Display cards provide your guests with the item descriptions, starting bid, market value, etc so that they can bid accordingly. Bid sheets meanwhile focus on collecting written down bids as guests browse your event. When you’re ready to jump into mobile bidding, this will get much easier. For now, Google Sheets and Docs are vital tools. This is where merging comes in handy.
Merging will let you make a bid sheet and display card for each item in your Google Sheets doc. You can then print your documents and put them on display. You only need to design one display card and one bid sheet. The merging process handles the multiple documents with each item’s data. To assist, we have two Google documents available for you to use and a link to a helpful (and free) merging add on. And it wouldn’t be complete without another tutorial from yours truly on how it all works .
This section should illustrate people helping other people at an event. Typically, this is someone seated at a table welcoming guests who arrive at the event.
Two of the most important pieces of your event are check in and check out. Done well, your guests won’t stand in line waiting for you to check them off the list, receive payment, etc. After all, the only line your guests want to stand in is the line at the bar.
When you set up your Sign Up form using Google Forms , you got a complimentary Google Sheet of all the signup data. Print a copy of that data in alphabetical order and that can be used to verify your attendees as they walk in. I recommend using a yellow highlighter and marking names as people come in. It’s fast and easy. The Google Sheet can also be used for notes on meals, table assignments, outstanding payments, etc. This sheet is available to you and your team to manage while guests fill out the public form version on your website.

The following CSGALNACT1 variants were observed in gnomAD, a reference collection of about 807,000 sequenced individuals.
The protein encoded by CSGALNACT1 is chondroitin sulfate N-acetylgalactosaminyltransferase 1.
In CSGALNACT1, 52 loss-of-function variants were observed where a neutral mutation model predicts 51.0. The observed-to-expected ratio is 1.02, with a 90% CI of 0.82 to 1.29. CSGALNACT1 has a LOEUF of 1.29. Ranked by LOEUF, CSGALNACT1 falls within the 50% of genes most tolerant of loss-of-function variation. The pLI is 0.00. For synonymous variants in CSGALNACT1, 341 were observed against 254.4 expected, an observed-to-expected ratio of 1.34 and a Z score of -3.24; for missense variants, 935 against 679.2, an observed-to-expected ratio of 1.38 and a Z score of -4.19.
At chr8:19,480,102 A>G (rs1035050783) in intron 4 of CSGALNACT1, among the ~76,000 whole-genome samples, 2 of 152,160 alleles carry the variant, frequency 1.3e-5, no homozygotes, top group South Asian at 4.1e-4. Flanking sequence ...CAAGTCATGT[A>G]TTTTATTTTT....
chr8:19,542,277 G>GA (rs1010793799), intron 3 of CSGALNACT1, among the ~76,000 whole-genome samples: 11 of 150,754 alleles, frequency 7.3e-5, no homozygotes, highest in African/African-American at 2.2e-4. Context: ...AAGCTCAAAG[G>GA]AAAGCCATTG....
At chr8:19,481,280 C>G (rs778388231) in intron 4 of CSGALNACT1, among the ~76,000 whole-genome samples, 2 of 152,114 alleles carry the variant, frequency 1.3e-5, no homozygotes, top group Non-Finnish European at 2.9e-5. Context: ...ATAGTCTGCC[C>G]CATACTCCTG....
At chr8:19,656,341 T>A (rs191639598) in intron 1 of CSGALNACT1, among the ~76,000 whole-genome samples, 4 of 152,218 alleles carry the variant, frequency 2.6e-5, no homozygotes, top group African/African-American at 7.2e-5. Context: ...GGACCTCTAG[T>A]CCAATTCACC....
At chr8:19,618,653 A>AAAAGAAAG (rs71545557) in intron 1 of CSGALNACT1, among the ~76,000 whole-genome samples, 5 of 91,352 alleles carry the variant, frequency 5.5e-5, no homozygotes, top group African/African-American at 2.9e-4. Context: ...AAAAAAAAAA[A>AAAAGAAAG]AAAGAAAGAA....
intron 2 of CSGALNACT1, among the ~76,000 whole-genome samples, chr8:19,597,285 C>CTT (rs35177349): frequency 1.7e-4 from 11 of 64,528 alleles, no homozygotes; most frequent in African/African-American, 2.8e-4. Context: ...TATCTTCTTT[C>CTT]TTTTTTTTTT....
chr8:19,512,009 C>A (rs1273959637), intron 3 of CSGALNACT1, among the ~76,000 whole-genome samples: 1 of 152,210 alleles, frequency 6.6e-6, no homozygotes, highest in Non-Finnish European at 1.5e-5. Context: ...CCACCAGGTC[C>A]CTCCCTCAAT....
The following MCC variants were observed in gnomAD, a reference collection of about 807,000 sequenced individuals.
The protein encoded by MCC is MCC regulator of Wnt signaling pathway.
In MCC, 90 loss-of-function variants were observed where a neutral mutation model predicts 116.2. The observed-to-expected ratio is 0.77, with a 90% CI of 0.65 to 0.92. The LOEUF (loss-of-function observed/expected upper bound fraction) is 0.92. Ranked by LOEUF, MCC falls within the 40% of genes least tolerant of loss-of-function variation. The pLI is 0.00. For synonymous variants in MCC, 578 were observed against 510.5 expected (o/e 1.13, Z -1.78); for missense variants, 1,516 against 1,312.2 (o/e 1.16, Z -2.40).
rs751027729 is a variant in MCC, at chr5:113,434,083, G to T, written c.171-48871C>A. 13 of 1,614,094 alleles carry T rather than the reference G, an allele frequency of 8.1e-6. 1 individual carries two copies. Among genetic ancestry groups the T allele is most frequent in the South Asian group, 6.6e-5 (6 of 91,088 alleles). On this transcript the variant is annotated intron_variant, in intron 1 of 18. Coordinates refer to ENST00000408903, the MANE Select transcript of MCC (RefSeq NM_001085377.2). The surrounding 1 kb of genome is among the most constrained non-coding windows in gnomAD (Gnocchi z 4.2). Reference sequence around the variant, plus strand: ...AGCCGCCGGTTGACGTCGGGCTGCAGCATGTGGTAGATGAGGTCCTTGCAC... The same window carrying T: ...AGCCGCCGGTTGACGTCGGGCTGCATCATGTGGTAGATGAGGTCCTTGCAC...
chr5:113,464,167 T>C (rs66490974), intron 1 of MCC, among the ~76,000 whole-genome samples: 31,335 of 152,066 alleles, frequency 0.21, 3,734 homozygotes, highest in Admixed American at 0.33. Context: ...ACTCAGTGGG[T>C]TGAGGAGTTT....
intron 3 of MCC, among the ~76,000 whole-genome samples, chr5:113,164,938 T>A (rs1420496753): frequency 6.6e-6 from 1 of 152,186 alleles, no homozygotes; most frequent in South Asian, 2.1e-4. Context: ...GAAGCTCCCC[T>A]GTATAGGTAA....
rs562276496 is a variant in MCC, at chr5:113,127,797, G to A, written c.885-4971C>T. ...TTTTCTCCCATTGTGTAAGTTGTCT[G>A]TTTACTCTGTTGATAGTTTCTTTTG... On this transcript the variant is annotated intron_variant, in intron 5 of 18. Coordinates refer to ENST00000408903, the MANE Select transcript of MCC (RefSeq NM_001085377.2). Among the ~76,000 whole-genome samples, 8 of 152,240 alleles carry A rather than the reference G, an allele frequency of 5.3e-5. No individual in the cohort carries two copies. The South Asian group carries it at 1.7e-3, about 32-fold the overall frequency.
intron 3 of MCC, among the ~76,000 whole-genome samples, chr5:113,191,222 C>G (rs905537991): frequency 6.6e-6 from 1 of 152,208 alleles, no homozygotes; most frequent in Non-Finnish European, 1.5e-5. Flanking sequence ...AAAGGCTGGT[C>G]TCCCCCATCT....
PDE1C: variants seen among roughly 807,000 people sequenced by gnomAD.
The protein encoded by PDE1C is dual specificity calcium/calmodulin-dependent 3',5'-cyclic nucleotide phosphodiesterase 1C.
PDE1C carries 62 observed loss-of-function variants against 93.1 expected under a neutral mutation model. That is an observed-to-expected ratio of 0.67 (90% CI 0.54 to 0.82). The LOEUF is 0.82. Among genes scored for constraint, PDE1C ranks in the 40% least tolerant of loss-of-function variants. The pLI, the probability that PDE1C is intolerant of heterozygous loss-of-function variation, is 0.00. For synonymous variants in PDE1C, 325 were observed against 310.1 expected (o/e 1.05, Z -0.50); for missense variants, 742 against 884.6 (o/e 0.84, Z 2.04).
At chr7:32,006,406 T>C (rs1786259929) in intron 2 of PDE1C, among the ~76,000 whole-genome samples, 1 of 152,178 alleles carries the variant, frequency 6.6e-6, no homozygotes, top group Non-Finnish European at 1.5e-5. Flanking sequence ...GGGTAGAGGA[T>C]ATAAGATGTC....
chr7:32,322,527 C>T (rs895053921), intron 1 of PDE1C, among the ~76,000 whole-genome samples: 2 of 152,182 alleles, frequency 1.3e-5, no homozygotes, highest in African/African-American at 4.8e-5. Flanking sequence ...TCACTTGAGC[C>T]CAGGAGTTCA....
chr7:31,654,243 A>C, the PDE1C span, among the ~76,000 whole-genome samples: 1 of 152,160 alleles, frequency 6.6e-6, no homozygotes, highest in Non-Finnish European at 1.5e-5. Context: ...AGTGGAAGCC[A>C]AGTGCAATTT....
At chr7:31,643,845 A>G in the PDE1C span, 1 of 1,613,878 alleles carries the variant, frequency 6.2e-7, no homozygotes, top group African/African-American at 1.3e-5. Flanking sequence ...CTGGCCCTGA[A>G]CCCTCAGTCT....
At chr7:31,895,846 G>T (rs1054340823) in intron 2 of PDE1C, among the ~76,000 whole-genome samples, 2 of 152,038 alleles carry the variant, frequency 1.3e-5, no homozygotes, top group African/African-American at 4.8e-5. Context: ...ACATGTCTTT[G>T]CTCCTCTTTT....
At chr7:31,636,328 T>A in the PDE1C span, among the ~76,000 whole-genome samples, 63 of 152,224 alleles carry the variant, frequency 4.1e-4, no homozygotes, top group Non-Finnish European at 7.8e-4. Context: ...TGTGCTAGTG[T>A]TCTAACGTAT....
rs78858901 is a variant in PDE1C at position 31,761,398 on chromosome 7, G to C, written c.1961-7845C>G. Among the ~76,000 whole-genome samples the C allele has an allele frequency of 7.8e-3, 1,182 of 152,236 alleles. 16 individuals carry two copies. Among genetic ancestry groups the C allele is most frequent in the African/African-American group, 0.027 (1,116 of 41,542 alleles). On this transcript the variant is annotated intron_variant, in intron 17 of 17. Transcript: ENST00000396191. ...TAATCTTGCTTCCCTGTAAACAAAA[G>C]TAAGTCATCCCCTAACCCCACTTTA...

After the auction is over, you and your team will collect the bid sheets and need to enter the winning bids. Again, the Google Sheet that you have been working on since you started collecting items will be key. Add a few columns on the end of the sheet for the winner’s name, winning amount, email address, etc. From here, you can even have a receipt template in Google Docs that can be merged into printable receipts for guests when they pick up their items. In fact, here’s a template and yet another tutorial.
This section describes how you can use data and fundraising totals on projectors at an event. Everyone is seated in a ballroom and they can see how much has been raised at the event. Tons of celebrating when they hit a goal.
You can also use a tool like Google Slides to build a rotating slideshow of your mission, key auction items and more to keep donors engaged in your event goals. Running a heads and tails donation? Project our free Heads and Tails generator to build the room’s energy.
I have found that the goal of a rotating slideshow is to convey activity and generate action from your guests. Featuring specific items, announcing winners and updating auction totals will drive more excitement.
Once you have completed your event, you will have all the data needed to generate thank you emails, donor letters and more. In addition, since you used Google Sheets for your data, you can more easily prepare for your next auction. You’ll also be miles ahead for a mobile bidding event when it’s time to make the move.
I am always interested in learning more about how charities are raising money. If you’ve done a DIY event and want to share your story, send an email and I’ll share it. It all helps others generate more for their charity!